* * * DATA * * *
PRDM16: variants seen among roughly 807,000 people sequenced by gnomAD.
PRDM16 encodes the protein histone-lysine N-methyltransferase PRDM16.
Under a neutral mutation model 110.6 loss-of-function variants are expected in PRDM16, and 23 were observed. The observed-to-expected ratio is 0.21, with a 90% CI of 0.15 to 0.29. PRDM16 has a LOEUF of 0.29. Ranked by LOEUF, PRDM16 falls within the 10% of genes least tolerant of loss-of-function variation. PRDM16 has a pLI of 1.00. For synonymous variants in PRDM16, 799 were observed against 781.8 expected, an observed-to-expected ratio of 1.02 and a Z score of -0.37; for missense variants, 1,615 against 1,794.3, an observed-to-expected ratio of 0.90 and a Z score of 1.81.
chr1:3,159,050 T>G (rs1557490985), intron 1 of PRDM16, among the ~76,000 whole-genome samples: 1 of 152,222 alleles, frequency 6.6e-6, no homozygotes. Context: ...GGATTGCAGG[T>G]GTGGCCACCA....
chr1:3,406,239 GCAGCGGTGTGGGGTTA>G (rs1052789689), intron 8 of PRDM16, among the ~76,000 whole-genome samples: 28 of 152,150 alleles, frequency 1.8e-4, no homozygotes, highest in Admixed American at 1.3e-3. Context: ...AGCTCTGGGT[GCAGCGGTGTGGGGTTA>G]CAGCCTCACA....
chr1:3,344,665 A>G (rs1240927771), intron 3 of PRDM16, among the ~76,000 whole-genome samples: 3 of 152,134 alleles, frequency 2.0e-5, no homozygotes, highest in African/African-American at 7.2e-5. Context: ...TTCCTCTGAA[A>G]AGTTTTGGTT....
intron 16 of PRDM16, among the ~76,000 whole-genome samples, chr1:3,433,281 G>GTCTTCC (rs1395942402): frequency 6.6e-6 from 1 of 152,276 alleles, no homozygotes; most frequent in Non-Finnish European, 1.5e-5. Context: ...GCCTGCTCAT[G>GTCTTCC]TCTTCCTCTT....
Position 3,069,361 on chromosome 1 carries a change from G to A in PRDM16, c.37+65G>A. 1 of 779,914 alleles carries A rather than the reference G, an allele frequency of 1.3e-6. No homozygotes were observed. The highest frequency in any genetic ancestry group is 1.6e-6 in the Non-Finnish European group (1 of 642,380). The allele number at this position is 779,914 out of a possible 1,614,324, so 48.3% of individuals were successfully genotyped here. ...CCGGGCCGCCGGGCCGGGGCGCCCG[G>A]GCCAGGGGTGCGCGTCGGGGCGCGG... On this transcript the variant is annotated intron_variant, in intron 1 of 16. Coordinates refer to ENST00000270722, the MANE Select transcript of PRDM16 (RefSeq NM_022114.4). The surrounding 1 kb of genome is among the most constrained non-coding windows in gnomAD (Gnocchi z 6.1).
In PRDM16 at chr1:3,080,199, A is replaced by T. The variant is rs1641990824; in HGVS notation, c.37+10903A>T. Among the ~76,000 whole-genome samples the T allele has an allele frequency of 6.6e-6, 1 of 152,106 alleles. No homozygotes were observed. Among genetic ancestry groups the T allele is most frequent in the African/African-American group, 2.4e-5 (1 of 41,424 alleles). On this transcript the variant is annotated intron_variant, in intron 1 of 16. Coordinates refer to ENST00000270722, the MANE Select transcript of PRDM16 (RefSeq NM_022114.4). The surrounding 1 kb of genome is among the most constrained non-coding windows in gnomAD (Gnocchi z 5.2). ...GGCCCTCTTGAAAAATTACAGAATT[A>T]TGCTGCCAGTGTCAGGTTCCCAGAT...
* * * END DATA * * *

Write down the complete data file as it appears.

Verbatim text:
PRDM16: variants seen among roughly 807,000 people sequenced by gnomAD.
PRDM16 encodes the protein histone-lysine N-methyltransferase PRDM16.
Under a neutral mutation model 110.6 loss-of-function variants are expected in PRDM16, and 23 were observed. The observed-to-expected ratio is 0.21, with a 90% CI of 0.15 to 0.29. PRDM16 has a LOEUF of 0.29. Ranked by LOEUF, PRDM16 falls within the 10% of genes least tolerant of loss-of-function variation. PRDM16 has a pLI of 1.00. For synonymous variants in PRDM16, 799 were observed against 781.8 expected, an observed-to-expected ratio of 1.02 and a Z score of -0.37; for missense variants, 1,615 against 1,794.3, an observed-to-expected ratio of 0.90 and a Z score of 1.81.
chr1:3,159,050 T>G (rs1557490985), intron 1 of PRDM16, among the ~76,000 whole-genome samples: 1 of 152,222 alleles, frequency 6.6e-6, no homozygotes. Context: ...GGATTGCAGG[T>G]GTGGCCACCA....
chr1:3,406,239 GCAGCGGTGTGGGGTTA>G (rs1052789689), intron 8 of PRDM16, among the ~76,000 whole-genome samples: 28 of 152,150 alleles, frequency 1.8e-4, no homozygotes, highest in Admixed American at 1.3e-3. Context: ...AGCTCTGGGT[GCAGCGGTGTGGGGTTA>G]CAGCCTCACA....
chr1:3,344,665 A>G (rs1240927771), intron 3 of PRDM16, among the ~76,000 whole-genome samples: 3 of 152,134 alleles, frequency 2.0e-5, no homozygotes, highest in African/African-American at 7.2e-5. Context: ...TTCCTCTGAA[A>G]AGTTTTGGTT....
intron 16 of PRDM16, among the ~76,000 whole-genome samples, chr1:3,433,281 G>GTCTTCC (rs1395942402): frequency 6.6e-6 from 1 of 152,276 alleles, no homozygotes; most frequent in Non-Finnish European, 1.5e-5. Context: ...GCCTGCTCAT[G>GTCTTCC]TCTTCCTCTT....
Position 3,069,361 on chromosome 1 carries a change from G to A in PRDM16, c.37+65G>A. 1 of 779,914 alleles carries A rather than the reference G, an allele frequency of 1.3e-6. No homozygotes were observed. The highest frequency in any genetic ancestry group is 1.6e-6 in the Non-Finnish European group (1 of 642,380). The allele number at this position is 779,914 out of a possible 1,614,324, so 48.3% of individuals were successfully genotyped here. ...CCGGGCCGCCGGGCCGGGGCGCCCG[G>A]GCCAGGGGTGCGCGTCGGGGCGCGG... On this transcript the variant is annotated intron_variant, in intron 1 of 16. Coordinates refer to ENST00000270722, the MANE Select transcript of PRDM16 (RefSeq NM_022114.4). The surrounding 1 kb of genome is among the most constrained non-coding windows in gnomAD (Gnocchi z 6.1).
In PRDM16 at chr1:3,080,199, A is replaced by T. The variant is rs1641990824; in HGVS notation, c.37+10903A>T. Among the ~76,000 whole-genome samples the T allele has an allele frequency of 6.6e-6, 1 of 152,106 alleles. No homozygotes were observed. Among genetic ancestry groups the T allele is most frequent in the African/African-American group, 2.4e-5 (1 of 41,424 alleles). On this transcript the variant is annotated intron_variant, in intron 1 of 16. Coordinates refer to ENST00000270722, the MANE Select transcript of PRDM16 (RefSeq NM_022114.4). The surrounding 1 kb of genome is among the most constrained non-coding windows in gnomAD (Gnocchi z 5.2). ...GGCCCTCTTGAAAAATTACAGAATT[A>T]TGCTGCCAGTGTCAGGTTCCCAGAT...